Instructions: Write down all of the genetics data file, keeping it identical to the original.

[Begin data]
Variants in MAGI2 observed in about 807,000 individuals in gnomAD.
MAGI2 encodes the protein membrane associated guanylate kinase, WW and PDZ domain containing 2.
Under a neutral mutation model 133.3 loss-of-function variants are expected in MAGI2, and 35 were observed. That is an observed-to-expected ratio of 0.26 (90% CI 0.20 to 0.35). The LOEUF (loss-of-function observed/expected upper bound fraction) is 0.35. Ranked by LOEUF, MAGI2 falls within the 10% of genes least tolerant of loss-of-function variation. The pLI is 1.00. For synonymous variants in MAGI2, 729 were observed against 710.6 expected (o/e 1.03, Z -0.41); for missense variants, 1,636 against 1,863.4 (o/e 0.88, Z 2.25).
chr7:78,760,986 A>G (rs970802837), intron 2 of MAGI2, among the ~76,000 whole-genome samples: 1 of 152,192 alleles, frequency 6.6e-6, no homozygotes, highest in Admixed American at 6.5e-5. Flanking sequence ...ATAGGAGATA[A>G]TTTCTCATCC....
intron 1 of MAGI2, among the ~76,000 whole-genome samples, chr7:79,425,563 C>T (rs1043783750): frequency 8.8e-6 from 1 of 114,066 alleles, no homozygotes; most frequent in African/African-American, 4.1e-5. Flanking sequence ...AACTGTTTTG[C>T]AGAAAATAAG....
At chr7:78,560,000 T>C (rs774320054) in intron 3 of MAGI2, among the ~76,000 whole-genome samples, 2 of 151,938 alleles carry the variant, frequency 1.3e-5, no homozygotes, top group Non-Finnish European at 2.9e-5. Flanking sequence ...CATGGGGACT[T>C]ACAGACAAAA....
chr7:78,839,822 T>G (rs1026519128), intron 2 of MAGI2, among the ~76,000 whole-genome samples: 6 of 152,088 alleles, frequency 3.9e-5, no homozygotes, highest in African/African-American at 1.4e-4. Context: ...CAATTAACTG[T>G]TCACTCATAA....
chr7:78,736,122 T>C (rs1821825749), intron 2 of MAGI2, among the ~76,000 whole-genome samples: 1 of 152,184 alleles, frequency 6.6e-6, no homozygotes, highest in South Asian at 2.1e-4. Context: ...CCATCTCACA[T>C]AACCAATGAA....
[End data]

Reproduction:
Variants in MAGI2 observed in about 807,000 individuals in gnomAD.
MAGI2 encodes the protein membrane associated guanylate kinase, WW and PDZ domain containing 2.
Under a neutral mutation model 133.3 loss-of-function variants are expected in MAGI2, and 35 were observed. That is an observed-to-expected ratio of 0.26 (90% CI 0.20 to 0.35). The LOEUF (loss-of-function observed/expected upper bound fraction) is 0.35. Ranked by LOEUF, MAGI2 falls within the 10% of genes least tolerant of loss-of-function variation. The pLI is 1.00. For synonymous variants in MAGI2, 729 were observed against 710.6 expected (o/e 1.03, Z -0.41); for missense variants, 1,636 against 1,863.4 (o/e 0.88, Z 2.25).
chr7:78,760,986 A>G (rs970802837), intron 2 of MAGI2, among the ~76,000 whole-genome samples: 1 of 152,192 alleles, frequency 6.6e-6, no homozygotes, highest in Admixed American at 6.5e-5. Flanking sequence ...ATAGGAGATA[A>G]TTTCTCATCC....
intron 1 of MAGI2, among the ~76,000 whole-genome samples, chr7:79,425,563 C>T (rs1043783750): frequency 8.8e-6 from 1 of 114,066 alleles, no homozygotes; most frequent in African/African-American, 4.1e-5. Flanking sequence ...AACTGTTTTG[C>T]AGAAAATAAG....
At chr7:78,560,000 T>C (rs774320054) in intron 3 of MAGI2, among the ~76,000 whole-genome samples, 2 of 151,938 alleles carry the variant, frequency 1.3e-5, no homozygotes, top group Non-Finnish European at 2.9e-5. Flanking sequence ...CATGGGGACT[T>C]ACAGACAAAA....
chr7:78,839,822 T>G (rs1026519128), intron 2 of MAGI2, among the ~76,000 whole-genome samples: 6 of 152,088 alleles, frequency 3.9e-5, no homozygotes, highest in African/African-American at 1.4e-4. Context: ...CAATTAACTG[T>G]TCACTCATAA....
chr7:78,736,122 T>C (rs1821825749), intron 2 of MAGI2, among the ~76,000 whole-genome samples: 1 of 152,184 alleles, frequency 6.6e-6, no homozygotes, highest in South Asian at 2.1e-4. Context: ...CCATCTCACA[T>C]AACCAATGAA....